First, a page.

It is entirely impossible to have a political opinion all your own.
You might have a unique perspective, you might bring specific insight to the table in political debate. But you cannot maintain a political ideology that isn't shared with other people. That isn't how politics works, and that's certainly not how democracy works.
Democracy is a group effort, and therefore you have to pick sides. That is just a fact. You can find your niche, you can find your subgroup, but ultimately you're going to be on a team of some kind or another of some size or another. Weather you're a big fish in a little pond or weather you're diving head first into the group pool, you're going to be carrying water for somebody.
The problem is that where there's teams, there's competition, and when the stakes are high, that competition starts to really, really matter. Nobody likes to lose, everyone likes to win. What's interesting in this current political climate is that the stakes are higher than they've been in recent memory. You cannot be indifferent when Donald Trump is the Republican Nominee. You're either on his team or you're on another team. What scares the shit out of me is that these teams are about to enter a fight to the death, and we're all going to lose because we're all fighting for our lives.
No one ever wants to admit they're wrong. It's only human. So when you're on one of these teams - whether Democrat, Republican, Green, Libertarian, or any other - if someone points to you and says, "I don't like your candidate," what you end up hearing is, "I don't like your team," and by extension, "I don't like you." We form these teams because we don't want to be wrong, so we surround ourselves with other people who also don't want to be wrong.
What I find troubling in this political season is that it's not just a matter of not wanting to be wrong. Everyone in this cycle is so goddamned convinced that they're right. Everyone thinks that they are on the right side of history. Trump supporters feel like they are on the front lines of reclaiming what they see as "their" country, Clinton supporters feel like they are the logical next step in the direction of progress, and Stein supporters feel like they are continuing a political revolution that will be judged as right and necessary.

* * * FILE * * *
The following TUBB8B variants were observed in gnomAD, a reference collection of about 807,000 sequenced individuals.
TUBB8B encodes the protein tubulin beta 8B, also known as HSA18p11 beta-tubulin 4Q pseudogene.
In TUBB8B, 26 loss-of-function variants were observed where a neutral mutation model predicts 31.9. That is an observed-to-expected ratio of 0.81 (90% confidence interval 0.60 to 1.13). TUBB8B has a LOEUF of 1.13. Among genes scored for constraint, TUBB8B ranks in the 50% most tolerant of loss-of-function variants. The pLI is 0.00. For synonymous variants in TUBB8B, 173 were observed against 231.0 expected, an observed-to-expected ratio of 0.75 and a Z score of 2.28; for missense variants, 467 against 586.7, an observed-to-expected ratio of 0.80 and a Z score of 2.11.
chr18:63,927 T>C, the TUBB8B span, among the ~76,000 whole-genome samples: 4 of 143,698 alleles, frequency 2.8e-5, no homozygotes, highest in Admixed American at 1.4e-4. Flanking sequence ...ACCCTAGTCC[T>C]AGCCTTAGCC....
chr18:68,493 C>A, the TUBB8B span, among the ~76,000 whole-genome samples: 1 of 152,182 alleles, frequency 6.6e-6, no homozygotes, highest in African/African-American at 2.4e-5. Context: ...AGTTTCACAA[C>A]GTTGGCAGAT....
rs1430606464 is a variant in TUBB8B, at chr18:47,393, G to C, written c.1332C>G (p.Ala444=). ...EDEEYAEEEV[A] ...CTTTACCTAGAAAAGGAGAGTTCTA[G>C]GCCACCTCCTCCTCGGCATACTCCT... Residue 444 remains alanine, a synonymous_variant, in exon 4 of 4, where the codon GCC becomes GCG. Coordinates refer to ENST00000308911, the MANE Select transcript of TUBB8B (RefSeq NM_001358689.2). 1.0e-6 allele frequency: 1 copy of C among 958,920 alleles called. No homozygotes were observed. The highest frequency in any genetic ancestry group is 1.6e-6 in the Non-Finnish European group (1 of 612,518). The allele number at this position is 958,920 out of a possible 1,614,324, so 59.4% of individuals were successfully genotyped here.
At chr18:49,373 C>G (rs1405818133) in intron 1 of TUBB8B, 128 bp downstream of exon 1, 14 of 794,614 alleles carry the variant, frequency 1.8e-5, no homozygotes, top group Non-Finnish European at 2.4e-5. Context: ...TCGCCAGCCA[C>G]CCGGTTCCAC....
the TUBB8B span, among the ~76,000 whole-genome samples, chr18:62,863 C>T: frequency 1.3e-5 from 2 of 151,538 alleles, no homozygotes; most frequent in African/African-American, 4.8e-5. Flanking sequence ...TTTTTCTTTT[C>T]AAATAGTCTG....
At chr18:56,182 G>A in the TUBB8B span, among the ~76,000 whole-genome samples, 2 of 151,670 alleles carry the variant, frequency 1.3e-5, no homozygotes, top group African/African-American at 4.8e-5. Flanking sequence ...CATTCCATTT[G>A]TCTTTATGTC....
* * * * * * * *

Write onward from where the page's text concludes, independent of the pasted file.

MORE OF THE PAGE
The problem is when you surround yourself only with people who agree with you, when you tailor your social media towards self-validation, when you only read news outlets that align with your opinion, when you seek out agreement with your fellow teammates rather than engage in real, honest, political debate, then you've constructed an echo chamber for yourself. Donald Trump was right: we built a wall. And now that we've entrenched ourselves so deeply because we know just how high the stakes are this year, we are afraid to have our opinions changed. People who would have been natural allies even four years ago now are trying to tear each other apart. "I could not live with myself if I voted for Hillary Clinton." "You are throwing away your vote on a third-party." "Donald Trump is the only person who can fix America." "The entire system is rigged and voting is validating that system." Conversations cannot be held when this is what people are saying.
It's not just in the way we talk with one another, it's in the way we brand our elections as well. Think about what a literal and figurative rallying cry "Yes We Can" was in 2008. I particularly loved "Yes We Can" because it didn't have any first-person pronouns. It stressed unity, but more importantly it stressed support of a candidate rather than dislike of another. Even "I Like Ike" did this, though with more emphasis on the individual. "I Like Ike" and "Yes We Can" have gone by the wayside. "I'm With Her" sounds more like "I Like Ike," but the emphasis there is still on team building and on entrenchment. "I'm with her, not with him. I'm with her, because she's right. I'm with her, join me or you're my enemy." It's worse elsewhere this year, to be sure. Bernie or Bust. Never Trump. Lock Her Up. These are not supportive and they do not lend themselves to debate. Granted, "Bernie, or let's discuss this rationally and try to come to a consensus" is simply not catchy, and "Consider this critical choice you are making for the direction of our country" is way less sexy than "Never Trump," but you notice the trend here is in the direction of polemics rather than discussion, in the direction of hyperbole and sensationalism rather than debate.
But let's face it: who wants to debate when everyone else is wrong? Who wants to have a conversation with someone who hates your guts? Furthermore, why do we even need a debate at all? This is a moot point, because I'm right and you're wrong. Debate is hard. Talk is cheap. Make America Great Again.
I fear for this country because facts no longer matter. I fear for this country because rationality has no place is our discourse. I fear for this country because we're not even trying to find common ground anymore. We simply stand our ground, and we wait for the attack, and we entrench ourselves even deeper. I fear for this country because I think we've gone to deep, we've gone to far. I fear for this country because I worry it's too late.